The food budget post inspired me a little and I need some input.Several months ago, I started using Vitacost.com (e-mail me if you want to try it, and I can send you a coupon) to get my dry goods delivered. I had been having some skin allergy issues and switching to organic seemed to clear it all up, but organic food was quite pricey at my local grocery store. Vitacost is much cheaper, with the added benefit of being less hassle. I only have two kids (age 1 and 3) but for some reason getting to and getting through the grocery store is a very daunting task for me. At any rate, I noticed that once I had my Vitacost subscription my grocery store time was cut in HALF! So I started looking around at local farms and found one that would deliver in season produce. I can do it online too! So now, I spend about 1/3 of the time in the grocery store, my food bill has gone down, and we are eating healthier! Plus, since I don't go to the store, I don't impulse buy, so we have much less waste.But here's the thing, I would love to cut out going to the grocery store altogether. The last item I need delivered is dairy (milk, eggs, cheese, yogurt, etc.). I'm not too worried about frozen food, because I won't mind going once a month or so and stocking up on that.If I could figure out how to get dairy delivered, I'd be in heaven. Does anyone know of national services that deliver dairy? I have looked locally and do not see a thing. Ideas?
I think there are some dairy shares here and there, but mostly I would think you'd be better off paying a friend a small fee to pick up & deliver stuff for you.
When my kids were young, I had milk delivered from Crescent Ridge Dairy in Southeastern Massachusetts--fresh from their small operation, un-homogenized (cream on top) and in glass bottles so IMO it tasted awesome. They've expanded operations since my day (70s/80s) and contract with dairies far away, even out of state, so who knows if the milk is as good as it was 20, 30 years ago. Milk delivered directly from a dairy is still available in some locales--are you close to dairy farms?Some grocery stores let you place an online order and drive up to a pick up area (maybe it's uncommon--we have a lot of seniors in my town).
Some grocery stores let you place an online order and drive up to a pick up area (maybe it's uncommon--we have a lot of seniors in my town).Stop and Shop has a service called Peapod where you can order online and they'll deliver to hour door. (For a price, obviously). There are probably other companies in other areas that will do the same thing. You might also google to see if you can find a local dairy that delivers. I know there are some groups of people who don't like pasteurized milk, and they have what may or may not be a legal arrangement with small dairies to deliver raw milk.Nancy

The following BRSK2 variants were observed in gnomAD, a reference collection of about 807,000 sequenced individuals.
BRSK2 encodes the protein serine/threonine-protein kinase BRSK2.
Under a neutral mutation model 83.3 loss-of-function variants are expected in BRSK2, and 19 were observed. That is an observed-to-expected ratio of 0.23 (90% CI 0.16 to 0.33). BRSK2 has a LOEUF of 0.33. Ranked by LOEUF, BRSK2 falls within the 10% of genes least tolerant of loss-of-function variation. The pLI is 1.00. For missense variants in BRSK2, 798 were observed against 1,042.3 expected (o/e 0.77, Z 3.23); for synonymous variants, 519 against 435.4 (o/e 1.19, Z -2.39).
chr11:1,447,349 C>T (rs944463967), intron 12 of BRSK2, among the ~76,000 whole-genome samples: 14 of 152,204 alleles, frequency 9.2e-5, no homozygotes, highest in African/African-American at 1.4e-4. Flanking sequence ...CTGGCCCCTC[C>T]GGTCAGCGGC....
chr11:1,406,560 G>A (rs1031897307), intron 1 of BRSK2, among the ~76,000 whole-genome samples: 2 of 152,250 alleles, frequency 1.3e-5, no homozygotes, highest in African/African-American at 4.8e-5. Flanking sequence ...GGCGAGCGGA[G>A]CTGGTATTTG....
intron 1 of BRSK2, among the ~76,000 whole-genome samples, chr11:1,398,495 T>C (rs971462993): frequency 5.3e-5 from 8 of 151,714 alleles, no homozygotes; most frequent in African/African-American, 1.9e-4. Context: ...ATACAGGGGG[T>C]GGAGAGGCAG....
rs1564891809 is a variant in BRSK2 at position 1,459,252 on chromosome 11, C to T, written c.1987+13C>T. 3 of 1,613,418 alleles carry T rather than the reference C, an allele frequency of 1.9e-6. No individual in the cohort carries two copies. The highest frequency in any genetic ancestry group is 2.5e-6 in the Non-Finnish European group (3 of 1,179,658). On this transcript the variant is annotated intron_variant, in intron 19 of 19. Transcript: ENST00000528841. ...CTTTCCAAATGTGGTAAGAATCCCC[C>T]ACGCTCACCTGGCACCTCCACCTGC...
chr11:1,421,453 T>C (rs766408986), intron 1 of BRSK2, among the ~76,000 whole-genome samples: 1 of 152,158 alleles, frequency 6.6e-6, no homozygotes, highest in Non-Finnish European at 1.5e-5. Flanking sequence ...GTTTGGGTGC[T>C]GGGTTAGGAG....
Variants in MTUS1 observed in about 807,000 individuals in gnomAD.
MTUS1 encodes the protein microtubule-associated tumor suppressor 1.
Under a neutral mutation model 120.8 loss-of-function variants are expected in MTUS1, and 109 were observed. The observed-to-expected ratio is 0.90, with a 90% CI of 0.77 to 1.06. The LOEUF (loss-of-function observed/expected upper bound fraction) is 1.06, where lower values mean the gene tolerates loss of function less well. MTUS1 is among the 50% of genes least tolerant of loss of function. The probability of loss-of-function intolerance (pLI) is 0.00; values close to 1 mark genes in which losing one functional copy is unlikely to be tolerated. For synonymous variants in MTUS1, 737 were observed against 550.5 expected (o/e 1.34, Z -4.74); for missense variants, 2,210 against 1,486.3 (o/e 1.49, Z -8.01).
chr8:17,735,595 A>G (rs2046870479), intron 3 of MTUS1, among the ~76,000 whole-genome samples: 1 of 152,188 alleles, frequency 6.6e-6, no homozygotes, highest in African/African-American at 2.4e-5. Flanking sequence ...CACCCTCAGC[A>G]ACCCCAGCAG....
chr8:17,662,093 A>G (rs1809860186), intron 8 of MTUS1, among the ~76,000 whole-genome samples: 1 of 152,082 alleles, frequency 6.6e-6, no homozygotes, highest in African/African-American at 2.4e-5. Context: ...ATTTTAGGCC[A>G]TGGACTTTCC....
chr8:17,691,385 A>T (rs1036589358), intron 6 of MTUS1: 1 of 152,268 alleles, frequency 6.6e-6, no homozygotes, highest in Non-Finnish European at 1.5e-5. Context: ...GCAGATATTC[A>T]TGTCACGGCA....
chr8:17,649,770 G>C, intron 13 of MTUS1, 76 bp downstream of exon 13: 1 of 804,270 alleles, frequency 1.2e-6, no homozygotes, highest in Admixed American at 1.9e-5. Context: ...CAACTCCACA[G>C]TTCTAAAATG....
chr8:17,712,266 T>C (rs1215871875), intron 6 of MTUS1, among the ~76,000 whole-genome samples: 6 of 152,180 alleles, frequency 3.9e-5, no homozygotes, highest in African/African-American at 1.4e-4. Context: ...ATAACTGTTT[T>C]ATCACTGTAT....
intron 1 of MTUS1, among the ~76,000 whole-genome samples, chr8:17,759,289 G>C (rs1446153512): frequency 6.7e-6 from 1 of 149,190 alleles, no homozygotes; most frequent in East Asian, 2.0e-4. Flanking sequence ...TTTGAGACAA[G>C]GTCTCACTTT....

Some grocery stores deliver, and they can deliver frozen food.
We are in a really rural area, with surprisingly no dairies nearby. Even large livestock producers are small. Most farms are either chicken, cotton, corn or tobacco. I will look into the delivery idea, but we only have large chains. No independent or small chains and like I said a really rural area. But thanks for the ideas!
I will look into the delivery idea, but we only have large chains.Many of the large grocery chains do deliver. Even Walmart does. Have you checked with the large chains? Or are you mainly wanting a local source?
I will look into the delivery idea, but we only have large chains.Stop & Shop, which I mentioned in my earlier post, is a very large chain in the New England area. That's why they could afford to keep the Peapod system going until it began to pay off.Nancy
In my experience, Amazon is generally cheaper than Vitacost for food and nutritional supplements.
I'm in the southeast, no Stop and Shop...and Kroger, Winn Dixie, Publix and Walmart do not delivery.Anyone freeze their milk? How's it come out when you thaw it?
In my experience, Amazon is generally cheaper than Vitacost for food and nutritional supplements. Huh, that's weird. I didn't check everything, but I checked my most expensive stuff plus the stuff I order pretty regularly and it was all cheaper on Vitacost.
My sister freezes milk all the time; doesn't seem to make any difference to the product after you thaw it out to use it.
You need to shake it well after it thaws, as there will be some separation, but it tastes fine. Decant the milk into smaller bottles, as you have to leave some room for expansion. Butter freezes with no problems. You can freeze yolks and whites for baking (not entire in the shell). There are a couple of easy tricks for it, if you Google it. A lot of cheeses can be frozen too. The softer ones may have some texture loss. Hard cheeses hold up better. We freeze some of our Portuguese cheeses, including certain softer ones. You just have to experiment, as it's a bit hit or miss.You can get milk in the tetra-paks that don't need refrigeration, but that tends to be pricier. Laura
Best Of |
Favorites & Replies |
Start a New Board |
My Fool |